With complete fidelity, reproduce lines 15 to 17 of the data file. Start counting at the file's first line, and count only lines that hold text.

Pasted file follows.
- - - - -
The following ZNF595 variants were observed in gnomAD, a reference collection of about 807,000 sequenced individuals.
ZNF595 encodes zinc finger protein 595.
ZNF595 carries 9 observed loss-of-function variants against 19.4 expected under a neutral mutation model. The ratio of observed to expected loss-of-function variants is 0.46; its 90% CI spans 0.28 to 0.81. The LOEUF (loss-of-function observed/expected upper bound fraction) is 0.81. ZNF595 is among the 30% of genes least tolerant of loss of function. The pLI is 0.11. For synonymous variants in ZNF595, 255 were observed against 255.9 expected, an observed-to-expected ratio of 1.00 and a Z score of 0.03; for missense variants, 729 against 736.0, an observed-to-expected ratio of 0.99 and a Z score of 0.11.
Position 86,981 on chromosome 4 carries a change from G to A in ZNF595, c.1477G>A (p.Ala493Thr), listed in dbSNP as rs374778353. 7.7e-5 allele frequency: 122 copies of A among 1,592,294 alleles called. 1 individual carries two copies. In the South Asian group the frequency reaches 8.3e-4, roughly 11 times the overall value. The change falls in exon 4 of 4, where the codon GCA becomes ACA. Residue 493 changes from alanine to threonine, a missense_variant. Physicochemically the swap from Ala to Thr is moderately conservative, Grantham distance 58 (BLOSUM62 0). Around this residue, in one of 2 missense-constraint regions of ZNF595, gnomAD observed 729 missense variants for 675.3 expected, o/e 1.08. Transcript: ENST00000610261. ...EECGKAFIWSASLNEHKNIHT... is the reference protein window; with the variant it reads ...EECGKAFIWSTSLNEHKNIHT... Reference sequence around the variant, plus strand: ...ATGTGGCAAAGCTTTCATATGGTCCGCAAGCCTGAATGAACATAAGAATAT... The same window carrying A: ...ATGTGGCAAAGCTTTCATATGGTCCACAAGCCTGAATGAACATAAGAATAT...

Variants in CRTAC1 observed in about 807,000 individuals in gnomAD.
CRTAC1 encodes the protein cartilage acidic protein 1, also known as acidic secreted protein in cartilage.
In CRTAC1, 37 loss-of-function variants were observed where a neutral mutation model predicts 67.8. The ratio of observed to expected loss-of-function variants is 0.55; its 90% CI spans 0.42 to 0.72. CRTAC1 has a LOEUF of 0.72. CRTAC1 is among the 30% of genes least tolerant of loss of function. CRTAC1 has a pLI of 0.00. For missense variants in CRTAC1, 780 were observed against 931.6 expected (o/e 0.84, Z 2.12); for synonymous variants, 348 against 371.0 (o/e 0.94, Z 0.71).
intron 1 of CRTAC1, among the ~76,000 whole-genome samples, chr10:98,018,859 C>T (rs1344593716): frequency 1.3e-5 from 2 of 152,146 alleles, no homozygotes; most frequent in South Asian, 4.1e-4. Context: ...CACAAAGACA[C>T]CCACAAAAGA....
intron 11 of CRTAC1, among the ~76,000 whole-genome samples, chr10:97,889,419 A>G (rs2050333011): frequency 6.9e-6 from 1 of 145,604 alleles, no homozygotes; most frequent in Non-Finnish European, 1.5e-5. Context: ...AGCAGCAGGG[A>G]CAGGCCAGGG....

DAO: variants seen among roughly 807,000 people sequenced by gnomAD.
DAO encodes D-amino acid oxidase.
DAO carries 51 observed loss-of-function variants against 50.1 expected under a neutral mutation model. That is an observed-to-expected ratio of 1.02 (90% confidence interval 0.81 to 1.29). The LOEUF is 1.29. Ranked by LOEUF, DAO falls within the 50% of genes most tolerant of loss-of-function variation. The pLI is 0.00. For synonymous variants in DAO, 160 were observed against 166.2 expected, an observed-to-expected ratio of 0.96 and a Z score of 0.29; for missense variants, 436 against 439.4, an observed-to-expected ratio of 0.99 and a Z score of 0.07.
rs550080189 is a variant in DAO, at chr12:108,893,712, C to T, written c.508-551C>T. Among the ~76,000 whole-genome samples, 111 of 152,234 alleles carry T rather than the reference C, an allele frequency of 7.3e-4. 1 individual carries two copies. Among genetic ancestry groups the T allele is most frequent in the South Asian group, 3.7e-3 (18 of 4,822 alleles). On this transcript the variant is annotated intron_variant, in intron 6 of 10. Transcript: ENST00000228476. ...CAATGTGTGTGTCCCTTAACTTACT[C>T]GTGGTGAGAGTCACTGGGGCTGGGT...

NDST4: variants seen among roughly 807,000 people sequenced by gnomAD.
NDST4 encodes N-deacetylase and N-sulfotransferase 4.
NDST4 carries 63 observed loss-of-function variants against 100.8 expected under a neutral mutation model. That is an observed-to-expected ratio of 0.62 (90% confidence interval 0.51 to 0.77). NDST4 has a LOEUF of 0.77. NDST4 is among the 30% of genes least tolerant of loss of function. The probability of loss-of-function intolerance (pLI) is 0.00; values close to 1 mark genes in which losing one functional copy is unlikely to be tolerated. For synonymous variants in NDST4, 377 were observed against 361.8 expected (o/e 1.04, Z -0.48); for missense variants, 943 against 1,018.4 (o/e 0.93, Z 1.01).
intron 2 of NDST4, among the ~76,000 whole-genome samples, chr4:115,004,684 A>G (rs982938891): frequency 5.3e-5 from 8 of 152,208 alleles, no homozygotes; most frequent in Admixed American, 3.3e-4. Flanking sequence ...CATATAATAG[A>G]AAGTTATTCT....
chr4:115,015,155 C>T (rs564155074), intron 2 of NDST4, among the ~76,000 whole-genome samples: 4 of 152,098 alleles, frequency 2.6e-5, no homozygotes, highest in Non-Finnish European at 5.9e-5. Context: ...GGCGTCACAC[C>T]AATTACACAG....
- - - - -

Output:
NDST4 encodes N-deacetylase and N-sulfotransferase 4.
NDST4 carries 63 observed loss-of-function variants against 100.8 expected under a neutral mutation model. That is an observed-to-expected ratio of 0.62 (90% confidence interval 0.51 to 0.77). NDST4 has a LOEUF of 0.77. NDST4 is among the 30% of genes least tolerant of loss of function. The probability of loss-of-function intolerance (pLI) is 0.00; values close to 1 mark genes in which losing one functional copy is unlikely to be tolerated. For synonymous variants in NDST4, 377 were observed against 361.8 expected (o/e 1.04, Z -0.48); for missense variants, 943 against 1,018.4 (o/e 0.93, Z 1.01).
intron 2 of NDST4, among the ~76,000 whole-genome samples, chr4:115,004,684 A>G (rs982938891): frequency 5.3e-5 from 8 of 152,208 alleles, no homozygotes; most frequent in Admixed American, 3.3e-4. Flanking sequence ...CATATAATAG[A>G]AAGTTATTCT....